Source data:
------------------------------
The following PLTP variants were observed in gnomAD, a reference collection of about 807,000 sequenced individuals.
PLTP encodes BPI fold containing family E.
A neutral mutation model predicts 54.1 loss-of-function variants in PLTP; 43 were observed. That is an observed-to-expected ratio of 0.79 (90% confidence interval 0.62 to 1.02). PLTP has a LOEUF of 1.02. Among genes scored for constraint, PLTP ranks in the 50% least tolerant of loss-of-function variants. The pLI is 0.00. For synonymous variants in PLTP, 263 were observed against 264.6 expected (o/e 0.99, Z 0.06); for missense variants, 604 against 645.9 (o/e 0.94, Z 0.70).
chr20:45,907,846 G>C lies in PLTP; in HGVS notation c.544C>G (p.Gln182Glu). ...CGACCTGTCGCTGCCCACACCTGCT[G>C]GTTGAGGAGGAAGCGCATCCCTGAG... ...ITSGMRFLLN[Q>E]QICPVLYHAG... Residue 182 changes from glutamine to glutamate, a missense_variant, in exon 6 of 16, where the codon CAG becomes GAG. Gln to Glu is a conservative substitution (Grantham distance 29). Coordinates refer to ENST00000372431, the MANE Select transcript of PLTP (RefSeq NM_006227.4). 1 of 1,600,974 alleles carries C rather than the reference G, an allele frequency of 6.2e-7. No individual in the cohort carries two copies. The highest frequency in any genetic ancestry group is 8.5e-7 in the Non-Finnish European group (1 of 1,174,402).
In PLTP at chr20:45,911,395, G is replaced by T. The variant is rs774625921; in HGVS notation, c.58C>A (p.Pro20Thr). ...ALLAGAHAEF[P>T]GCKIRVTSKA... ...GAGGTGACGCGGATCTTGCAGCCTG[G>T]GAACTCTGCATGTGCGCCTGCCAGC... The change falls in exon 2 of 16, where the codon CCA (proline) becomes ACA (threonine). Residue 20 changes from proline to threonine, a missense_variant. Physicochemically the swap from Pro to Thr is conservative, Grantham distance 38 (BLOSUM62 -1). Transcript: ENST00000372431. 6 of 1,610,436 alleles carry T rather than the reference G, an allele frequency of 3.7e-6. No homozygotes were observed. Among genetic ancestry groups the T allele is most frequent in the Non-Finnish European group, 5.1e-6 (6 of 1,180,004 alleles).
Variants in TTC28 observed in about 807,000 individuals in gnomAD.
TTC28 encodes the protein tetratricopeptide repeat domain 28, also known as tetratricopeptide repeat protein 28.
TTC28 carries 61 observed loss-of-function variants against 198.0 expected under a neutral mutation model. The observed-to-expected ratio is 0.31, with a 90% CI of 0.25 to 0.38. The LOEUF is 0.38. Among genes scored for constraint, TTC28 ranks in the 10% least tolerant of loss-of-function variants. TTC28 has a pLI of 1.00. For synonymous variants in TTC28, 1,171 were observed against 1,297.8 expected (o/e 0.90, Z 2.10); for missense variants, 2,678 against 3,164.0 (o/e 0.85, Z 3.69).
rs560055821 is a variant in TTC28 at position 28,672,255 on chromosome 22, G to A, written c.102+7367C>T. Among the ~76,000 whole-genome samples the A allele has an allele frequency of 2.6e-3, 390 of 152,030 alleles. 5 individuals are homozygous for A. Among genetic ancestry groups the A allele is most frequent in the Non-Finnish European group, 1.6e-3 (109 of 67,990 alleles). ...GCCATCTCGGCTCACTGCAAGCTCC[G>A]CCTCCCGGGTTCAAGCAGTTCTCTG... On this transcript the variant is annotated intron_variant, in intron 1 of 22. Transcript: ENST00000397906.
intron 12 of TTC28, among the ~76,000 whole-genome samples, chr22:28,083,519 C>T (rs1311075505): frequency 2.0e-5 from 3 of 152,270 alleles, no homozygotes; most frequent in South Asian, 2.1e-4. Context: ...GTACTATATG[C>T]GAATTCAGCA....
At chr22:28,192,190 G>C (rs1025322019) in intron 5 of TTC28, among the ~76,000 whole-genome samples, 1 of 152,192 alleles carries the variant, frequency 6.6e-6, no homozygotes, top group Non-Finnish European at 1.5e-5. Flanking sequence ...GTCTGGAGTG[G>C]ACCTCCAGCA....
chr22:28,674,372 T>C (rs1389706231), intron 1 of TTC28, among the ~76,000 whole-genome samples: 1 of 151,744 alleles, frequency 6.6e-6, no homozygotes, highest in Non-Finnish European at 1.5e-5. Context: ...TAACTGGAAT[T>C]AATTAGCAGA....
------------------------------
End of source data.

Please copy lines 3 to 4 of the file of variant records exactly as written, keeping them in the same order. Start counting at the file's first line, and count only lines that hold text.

A neutral mutation model predicts 54.1 loss-of-function variants in PLTP; 43 were observed. That is an observed-to-expected ratio of 0.79 (90% confidence interval 0.62 to 1.02). PLTP has a LOEUF of 1.02. Among genes scored for constraint, PLTP ranks in the 50% least tolerant of loss-of-function variants. The pLI is 0.00. For synonymous variants in PLTP, 263 were observed against 264.6 expected (o/e 0.99, Z 0.06); for missense variants, 604 against 645.9 (o/e 0.94, Z 0.70).
chr20:45,907,846 G>C lies in PLTP; in HGVS notation c.544C>G (p.Gln182Glu). ...CGACCTGTCGCTGCCCACACCTGCT[G>C]GTTGAGGAGGAAGCGCATCCCTGAG... ...ITSGMRFLLN[Q>E]QICPVLYHAG... Residue 182 changes from glutamine to glutamate, a missense_variant, in exon 6 of 16, where the codon CAG becomes GAG. Gln to Glu is a conservative substitution (Grantham distance 29). Coordinates refer to ENST00000372431, the MANE Select transcript of PLTP (RefSeq NM_006227.4). 1 of 1,600,974 alleles carries C rather than the reference G, an allele frequency of 6.2e-7. No individual in the cohort carries two copies. The highest frequency in any genetic ancestry group is 8.5e-7 in the Non-Finnish European group (1 of 1,174,402).